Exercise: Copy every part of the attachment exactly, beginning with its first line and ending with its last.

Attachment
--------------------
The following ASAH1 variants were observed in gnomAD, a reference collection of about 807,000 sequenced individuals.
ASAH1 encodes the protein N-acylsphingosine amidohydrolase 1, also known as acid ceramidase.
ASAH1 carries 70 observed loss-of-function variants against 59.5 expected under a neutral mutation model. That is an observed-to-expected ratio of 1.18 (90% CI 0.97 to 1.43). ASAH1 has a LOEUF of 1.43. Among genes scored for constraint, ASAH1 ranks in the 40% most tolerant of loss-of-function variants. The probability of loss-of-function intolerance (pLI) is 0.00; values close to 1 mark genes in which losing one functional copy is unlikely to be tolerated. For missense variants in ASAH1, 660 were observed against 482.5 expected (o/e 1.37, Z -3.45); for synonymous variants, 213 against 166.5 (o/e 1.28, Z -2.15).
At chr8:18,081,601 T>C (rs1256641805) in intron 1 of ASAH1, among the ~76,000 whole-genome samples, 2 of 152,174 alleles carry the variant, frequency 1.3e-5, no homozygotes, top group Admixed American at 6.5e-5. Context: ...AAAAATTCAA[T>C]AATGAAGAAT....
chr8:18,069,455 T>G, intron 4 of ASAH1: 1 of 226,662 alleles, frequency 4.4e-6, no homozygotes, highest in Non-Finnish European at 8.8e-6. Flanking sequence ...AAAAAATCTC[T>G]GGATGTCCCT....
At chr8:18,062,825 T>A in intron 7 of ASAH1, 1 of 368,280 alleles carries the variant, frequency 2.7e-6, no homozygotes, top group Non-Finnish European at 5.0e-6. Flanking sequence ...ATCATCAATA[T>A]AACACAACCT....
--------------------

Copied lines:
The following ASAH1 variants were observed in gnomAD, a reference collection of about 807,000 sequenced individuals.
ASAH1 encodes the protein N-acylsphingosine amidohydrolase 1, also known as acid ceramidase.
ASAH1 carries 70 observed loss-of-function variants against 59.5 expected under a neutral mutation model. That is an observed-to-expected ratio of 1.18 (90% CI 0.97 to 1.43). ASAH1 has a LOEUF of 1.43. Among genes scored for constraint, ASAH1 ranks in the 40% most tolerant of loss-of-function variants. The probability of loss-of-function intolerance (pLI) is 0.00; values close to 1 mark genes in which losing one functional copy is unlikely to be tolerated. For missense variants in ASAH1, 660 were observed against 482.5 expected (o/e 1.37, Z -3.45); for synonymous variants, 213 against 166.5 (o/e 1.28, Z -2.15).
At chr8:18,081,601 T>C (rs1256641805) in intron 1 of ASAH1, among the ~76,000 whole-genome samples, 2 of 152,174 alleles carry the variant, frequency 1.3e-5, no homozygotes, top group Admixed American at 6.5e-5. Context: ...AAAAATTCAA[T>C]AATGAAGAAT....
chr8:18,069,455 T>G, intron 4 of ASAH1: 1 of 226,662 alleles, frequency 4.4e-6, no homozygotes, highest in Non-Finnish European at 8.8e-6. Flanking sequence ...AAAAAATCTC[T>G]GGATGTCCCT....
At chr8:18,062,825 T>A in intron 7 of ASAH1, 1 of 368,280 alleles carries the variant, frequency 2.7e-6, no homozygotes, top group Non-Finnish European at 5.0e-6. Flanking sequence ...ATCATCAATA[T>A]AACACAACCT....